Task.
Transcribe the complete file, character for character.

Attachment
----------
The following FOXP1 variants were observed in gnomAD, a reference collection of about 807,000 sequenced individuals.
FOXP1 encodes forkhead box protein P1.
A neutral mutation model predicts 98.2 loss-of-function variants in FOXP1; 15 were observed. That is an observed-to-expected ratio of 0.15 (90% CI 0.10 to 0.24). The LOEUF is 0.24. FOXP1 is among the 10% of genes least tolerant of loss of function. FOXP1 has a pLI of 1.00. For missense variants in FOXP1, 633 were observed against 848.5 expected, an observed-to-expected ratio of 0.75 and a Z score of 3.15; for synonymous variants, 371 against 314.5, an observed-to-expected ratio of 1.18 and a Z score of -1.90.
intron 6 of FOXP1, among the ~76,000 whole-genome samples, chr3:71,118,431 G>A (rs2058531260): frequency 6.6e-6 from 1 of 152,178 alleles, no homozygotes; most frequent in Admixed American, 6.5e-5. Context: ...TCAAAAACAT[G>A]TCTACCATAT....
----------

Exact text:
The following FOXP1 variants were observed in gnomAD, a reference collection of about 807,000 sequenced individuals.
FOXP1 encodes forkhead box protein P1.
A neutral mutation model predicts 98.2 loss-of-function variants in FOXP1; 15 were observed. That is an observed-to-expected ratio of 0.15 (90% CI 0.10 to 0.24). The LOEUF is 0.24. FOXP1 is among the 10% of genes least tolerant of loss of function. FOXP1 has a pLI of 1.00. For missense variants in FOXP1, 633 were observed against 848.5 expected, an observed-to-expected ratio of 0.75 and a Z score of 3.15; for synonymous variants, 371 against 314.5, an observed-to-expected ratio of 1.18 and a Z score of -1.90.
intron 6 of FOXP1, among the ~76,000 whole-genome samples, chr3:71,118,431 G>A (rs2058531260): frequency 6.6e-6 from 1 of 152,178 alleles, no homozygotes; most frequent in Admixed American, 6.5e-5. Context: ...TCAAAAACAT[G>A]TCTACCATAT....